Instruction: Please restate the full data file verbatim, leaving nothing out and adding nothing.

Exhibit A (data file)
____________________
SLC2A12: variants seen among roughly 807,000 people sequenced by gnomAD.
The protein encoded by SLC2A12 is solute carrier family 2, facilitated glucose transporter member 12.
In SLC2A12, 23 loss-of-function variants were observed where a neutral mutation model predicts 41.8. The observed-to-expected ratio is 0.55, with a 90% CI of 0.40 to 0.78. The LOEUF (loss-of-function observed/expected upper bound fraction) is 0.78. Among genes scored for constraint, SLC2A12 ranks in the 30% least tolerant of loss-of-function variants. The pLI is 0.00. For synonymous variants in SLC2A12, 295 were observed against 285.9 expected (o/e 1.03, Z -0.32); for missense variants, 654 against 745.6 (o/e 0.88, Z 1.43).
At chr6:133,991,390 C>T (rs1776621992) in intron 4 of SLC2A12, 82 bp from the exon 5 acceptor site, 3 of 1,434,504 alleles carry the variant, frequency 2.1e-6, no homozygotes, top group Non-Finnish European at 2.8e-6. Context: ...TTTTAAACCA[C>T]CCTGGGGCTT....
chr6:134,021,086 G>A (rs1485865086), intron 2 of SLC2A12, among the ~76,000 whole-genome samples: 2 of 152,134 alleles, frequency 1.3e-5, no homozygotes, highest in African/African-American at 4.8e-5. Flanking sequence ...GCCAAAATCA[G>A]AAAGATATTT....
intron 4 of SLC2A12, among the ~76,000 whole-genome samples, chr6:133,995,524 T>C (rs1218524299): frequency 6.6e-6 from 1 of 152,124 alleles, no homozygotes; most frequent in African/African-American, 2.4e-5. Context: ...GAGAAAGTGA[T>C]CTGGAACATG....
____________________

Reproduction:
SLC2A12: variants seen among roughly 807,000 people sequenced by gnomAD.
The protein encoded by SLC2A12 is solute carrier family 2, facilitated glucose transporter member 12.
In SLC2A12, 23 loss-of-function variants were observed where a neutral mutation model predicts 41.8. The observed-to-expected ratio is 0.55, with a 90% CI of 0.40 to 0.78. The LOEUF (loss-of-function observed/expected upper bound fraction) is 0.78. Among genes scored for constraint, SLC2A12 ranks in the 30% least tolerant of loss-of-function variants. The pLI is 0.00. For synonymous variants in SLC2A12, 295 were observed against 285.9 expected (o/e 1.03, Z -0.32); for missense variants, 654 against 745.6 (o/e 0.88, Z 1.43).
At chr6:133,991,390 C>T (rs1776621992) in intron 4 of SLC2A12, 82 bp from the exon 5 acceptor site, 3 of 1,434,504 alleles carry the variant, frequency 2.1e-6, no homozygotes, top group Non-Finnish European at 2.8e-6. Context: ...TTTTAAACCA[C>T]CCTGGGGCTT....
chr6:134,021,086 G>A (rs1485865086), intron 2 of SLC2A12, among the ~76,000 whole-genome samples: 2 of 152,134 alleles, frequency 1.3e-5, no homozygotes, highest in African/African-American at 4.8e-5. Flanking sequence ...GCCAAAATCA[G>A]AAAGATATTT....
intron 4 of SLC2A12, among the ~76,000 whole-genome samples, chr6:133,995,524 T>C (rs1218524299): frequency 6.6e-6 from 1 of 152,124 alleles, no homozygotes; most frequent in African/African-American, 2.4e-5. Context: ...GAGAAAGTGA[T>C]CTGGAACATG....